Regulations under the JOBS Act, including Regulation Crowdfunding, Regulation A+ and Rule 506(c), have dramatically opened up investment opportunities in private companies to non-accredited investors. Nonetheless, non-accredited investors still face significant limitations on their ability to participate in the market for private securities – which at least one commentator has called the “new public markets.” Because the JOBS Act regulations restrict the crowdfunding special purpose vehicles available to non-accredited investors to single issuer funds, such investors are denied a tool that would facilitate broad-based, diversified investing in private securities.
Existing regulations, such as Rule 506(c), allow persons who qualify as “accredited investors” under the Securities Act to purchase equity in early-stage companies through special purpose vehicles and thus can facilitate investor diversification in crowdfunded companies; however, no regulation presently allows non-accredited investors the same right. While the “Fix Crowdfunding Act,” (HR 4855), which passed the U.S. House of Representatives with broad bipartisan support and is expected to pass the U.S. Senate, would allow special purpose vehicles to hold securities sold under Regulation Crowdfunding, such vehicles would be limited to the acquisition, holding and disposition of securities of a single issuer.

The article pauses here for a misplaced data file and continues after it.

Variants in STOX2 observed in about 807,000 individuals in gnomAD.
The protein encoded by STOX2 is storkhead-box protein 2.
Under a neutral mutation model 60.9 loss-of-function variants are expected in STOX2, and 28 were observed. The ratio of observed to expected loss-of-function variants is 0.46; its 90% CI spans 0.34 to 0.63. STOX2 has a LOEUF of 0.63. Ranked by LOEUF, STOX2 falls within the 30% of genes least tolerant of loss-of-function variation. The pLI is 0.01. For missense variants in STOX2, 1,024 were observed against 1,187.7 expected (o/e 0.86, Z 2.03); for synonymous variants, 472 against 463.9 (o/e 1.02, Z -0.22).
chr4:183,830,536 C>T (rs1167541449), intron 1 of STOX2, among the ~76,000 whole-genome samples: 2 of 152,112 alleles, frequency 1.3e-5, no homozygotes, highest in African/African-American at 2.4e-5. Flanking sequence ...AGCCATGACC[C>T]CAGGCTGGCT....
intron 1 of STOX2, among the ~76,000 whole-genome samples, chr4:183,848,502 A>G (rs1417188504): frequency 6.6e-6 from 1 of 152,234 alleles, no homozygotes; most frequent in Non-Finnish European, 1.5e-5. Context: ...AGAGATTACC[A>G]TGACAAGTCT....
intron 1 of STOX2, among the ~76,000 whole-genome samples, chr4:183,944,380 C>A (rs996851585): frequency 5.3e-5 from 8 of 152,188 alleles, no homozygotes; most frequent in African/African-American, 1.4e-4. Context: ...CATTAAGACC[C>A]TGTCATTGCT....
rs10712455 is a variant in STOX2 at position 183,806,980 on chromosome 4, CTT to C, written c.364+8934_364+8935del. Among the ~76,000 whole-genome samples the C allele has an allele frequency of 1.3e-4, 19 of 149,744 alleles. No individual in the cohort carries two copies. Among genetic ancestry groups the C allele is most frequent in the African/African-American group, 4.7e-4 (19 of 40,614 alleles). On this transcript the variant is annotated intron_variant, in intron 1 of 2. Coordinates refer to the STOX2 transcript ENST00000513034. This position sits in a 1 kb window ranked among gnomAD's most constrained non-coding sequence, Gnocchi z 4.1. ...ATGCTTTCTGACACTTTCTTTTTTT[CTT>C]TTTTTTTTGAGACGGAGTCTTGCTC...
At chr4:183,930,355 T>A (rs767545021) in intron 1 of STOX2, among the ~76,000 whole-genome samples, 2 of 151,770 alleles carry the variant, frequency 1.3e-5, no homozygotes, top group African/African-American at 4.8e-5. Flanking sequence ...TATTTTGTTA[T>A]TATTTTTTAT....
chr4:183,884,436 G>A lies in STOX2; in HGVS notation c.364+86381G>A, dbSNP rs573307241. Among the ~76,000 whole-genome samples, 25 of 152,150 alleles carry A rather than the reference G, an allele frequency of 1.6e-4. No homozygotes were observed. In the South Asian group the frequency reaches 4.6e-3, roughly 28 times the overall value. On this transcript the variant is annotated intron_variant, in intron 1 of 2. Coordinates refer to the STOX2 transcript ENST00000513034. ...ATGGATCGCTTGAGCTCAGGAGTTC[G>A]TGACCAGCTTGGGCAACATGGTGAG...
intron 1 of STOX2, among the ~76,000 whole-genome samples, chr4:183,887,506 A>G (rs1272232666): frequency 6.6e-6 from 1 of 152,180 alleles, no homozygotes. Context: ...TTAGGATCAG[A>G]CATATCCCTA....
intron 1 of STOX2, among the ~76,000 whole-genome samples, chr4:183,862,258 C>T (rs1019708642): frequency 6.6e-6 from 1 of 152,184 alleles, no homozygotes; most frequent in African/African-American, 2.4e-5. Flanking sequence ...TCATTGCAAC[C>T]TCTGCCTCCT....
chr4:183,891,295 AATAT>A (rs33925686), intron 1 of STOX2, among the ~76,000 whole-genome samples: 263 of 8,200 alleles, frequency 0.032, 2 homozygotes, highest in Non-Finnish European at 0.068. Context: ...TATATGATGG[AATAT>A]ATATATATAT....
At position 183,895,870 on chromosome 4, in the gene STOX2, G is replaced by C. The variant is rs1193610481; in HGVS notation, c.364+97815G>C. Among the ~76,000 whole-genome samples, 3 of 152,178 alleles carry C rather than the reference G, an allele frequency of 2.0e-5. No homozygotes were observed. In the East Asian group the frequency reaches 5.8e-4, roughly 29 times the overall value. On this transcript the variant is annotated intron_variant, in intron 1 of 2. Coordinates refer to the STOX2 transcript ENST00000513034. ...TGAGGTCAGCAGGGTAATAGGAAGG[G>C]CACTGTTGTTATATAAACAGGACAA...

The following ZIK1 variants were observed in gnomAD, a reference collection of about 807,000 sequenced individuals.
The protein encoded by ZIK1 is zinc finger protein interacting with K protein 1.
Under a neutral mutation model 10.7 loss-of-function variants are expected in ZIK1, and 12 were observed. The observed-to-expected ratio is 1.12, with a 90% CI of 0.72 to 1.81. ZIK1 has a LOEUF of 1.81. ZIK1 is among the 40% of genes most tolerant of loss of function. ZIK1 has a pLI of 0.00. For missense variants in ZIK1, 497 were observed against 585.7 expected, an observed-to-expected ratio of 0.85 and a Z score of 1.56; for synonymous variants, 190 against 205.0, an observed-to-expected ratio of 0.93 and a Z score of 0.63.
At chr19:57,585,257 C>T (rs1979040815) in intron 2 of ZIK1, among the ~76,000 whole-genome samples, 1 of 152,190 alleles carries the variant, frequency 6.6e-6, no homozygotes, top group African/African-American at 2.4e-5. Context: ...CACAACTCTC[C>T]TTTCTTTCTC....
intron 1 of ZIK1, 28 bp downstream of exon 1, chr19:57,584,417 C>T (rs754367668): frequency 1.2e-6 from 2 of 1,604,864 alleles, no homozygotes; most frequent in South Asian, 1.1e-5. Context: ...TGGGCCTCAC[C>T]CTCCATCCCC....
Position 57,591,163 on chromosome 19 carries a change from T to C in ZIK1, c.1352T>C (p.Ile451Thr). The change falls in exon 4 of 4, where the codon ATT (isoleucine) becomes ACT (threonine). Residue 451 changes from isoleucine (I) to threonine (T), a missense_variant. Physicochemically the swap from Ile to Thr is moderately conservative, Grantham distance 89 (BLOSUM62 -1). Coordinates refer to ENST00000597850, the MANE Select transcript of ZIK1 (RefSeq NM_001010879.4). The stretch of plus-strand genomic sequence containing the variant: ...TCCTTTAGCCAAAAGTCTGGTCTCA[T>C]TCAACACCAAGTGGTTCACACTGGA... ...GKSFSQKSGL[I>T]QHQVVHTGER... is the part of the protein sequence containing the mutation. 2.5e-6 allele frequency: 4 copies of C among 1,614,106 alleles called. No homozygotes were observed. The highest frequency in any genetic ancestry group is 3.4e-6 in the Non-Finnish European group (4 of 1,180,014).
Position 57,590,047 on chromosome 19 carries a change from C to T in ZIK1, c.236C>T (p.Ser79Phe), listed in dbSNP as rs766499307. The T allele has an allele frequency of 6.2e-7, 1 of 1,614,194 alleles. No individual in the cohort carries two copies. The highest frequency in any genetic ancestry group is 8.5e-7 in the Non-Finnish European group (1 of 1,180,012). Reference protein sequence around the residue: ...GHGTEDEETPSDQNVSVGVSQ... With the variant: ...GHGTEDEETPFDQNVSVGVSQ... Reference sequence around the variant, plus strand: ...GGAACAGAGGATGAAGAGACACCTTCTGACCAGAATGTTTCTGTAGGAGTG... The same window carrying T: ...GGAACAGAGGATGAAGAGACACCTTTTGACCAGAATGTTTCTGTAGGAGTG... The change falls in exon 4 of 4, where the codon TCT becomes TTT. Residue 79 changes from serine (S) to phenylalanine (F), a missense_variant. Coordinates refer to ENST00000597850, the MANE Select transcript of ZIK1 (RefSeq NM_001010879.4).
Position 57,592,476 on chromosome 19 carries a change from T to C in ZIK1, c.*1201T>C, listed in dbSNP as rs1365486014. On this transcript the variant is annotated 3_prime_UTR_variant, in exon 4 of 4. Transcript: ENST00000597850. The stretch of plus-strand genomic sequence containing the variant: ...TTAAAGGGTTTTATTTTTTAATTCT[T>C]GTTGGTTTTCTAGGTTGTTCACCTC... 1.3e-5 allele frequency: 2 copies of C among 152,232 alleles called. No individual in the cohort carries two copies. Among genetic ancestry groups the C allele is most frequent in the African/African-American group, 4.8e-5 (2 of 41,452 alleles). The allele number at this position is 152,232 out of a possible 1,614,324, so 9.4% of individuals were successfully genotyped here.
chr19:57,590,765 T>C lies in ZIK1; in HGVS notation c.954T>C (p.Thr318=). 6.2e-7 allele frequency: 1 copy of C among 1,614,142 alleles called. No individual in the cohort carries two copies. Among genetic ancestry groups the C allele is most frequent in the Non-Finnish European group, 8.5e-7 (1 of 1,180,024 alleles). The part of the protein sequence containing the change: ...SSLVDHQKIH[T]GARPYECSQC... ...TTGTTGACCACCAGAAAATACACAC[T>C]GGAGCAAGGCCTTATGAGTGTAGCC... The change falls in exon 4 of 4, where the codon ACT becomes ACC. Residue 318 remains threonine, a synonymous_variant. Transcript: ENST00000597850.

While the pending legislation provides several benefits to issuers, such as a cleaner capitalization table and the ability to deal with one person as a representative of all crowdfunding security holders, it does nothing to enable non-accredited investors to build a diverse portfolio of private securities. This is especially concerning with respect to investments in crowdfunded equity securities: Equity securities sold pursuant to Regulation Crowdfunding or Regulation A+ are likely to be in early-stage companies where significant downside risk can be mitigated by potential major gains from other highly successful investments.
Such broad-based, diversified investing is a powerful tool for investor wealth creation. In fact, a powerful parallel comes from a study of venture capital funds, which tend to invest in emerging and startup companies similar to those likely to use crowdfunding.
The study found that the best-performing venture funds achieved their performance not because they had a fewer number of failed investments but because their successful investments were highly lucrative. In fact, the best performing funds in the study contained more deals that lost money in absolute terms than less successful funds. However, their “hits” more than offset their “misses.” Unlike in debt crowdfunding, where investors have downside protection by being structurally senior in payment to equity, equity crowdfunding takes on a higher risk of loss in exchange for greater upside – and diversification is a powerful tool to allow investors to manage the risks of equity crowdfunding.
However, the existing regulatory scheme does nothing to address the fact that the typical crowdfunding investor is likely only to be able to invest in one-off investment opportunities. While accredited investors have access to sophisticated venture funds that invest in multiple private companies each year, these funds do not permit non-accredited investors to participate. Given their lack of access to multi-issuer special purpose vehicles, and limited time to research independent crowdfunding issuances, non-accredited investors are severely limited in their ability to pursue an investment diversification strategy.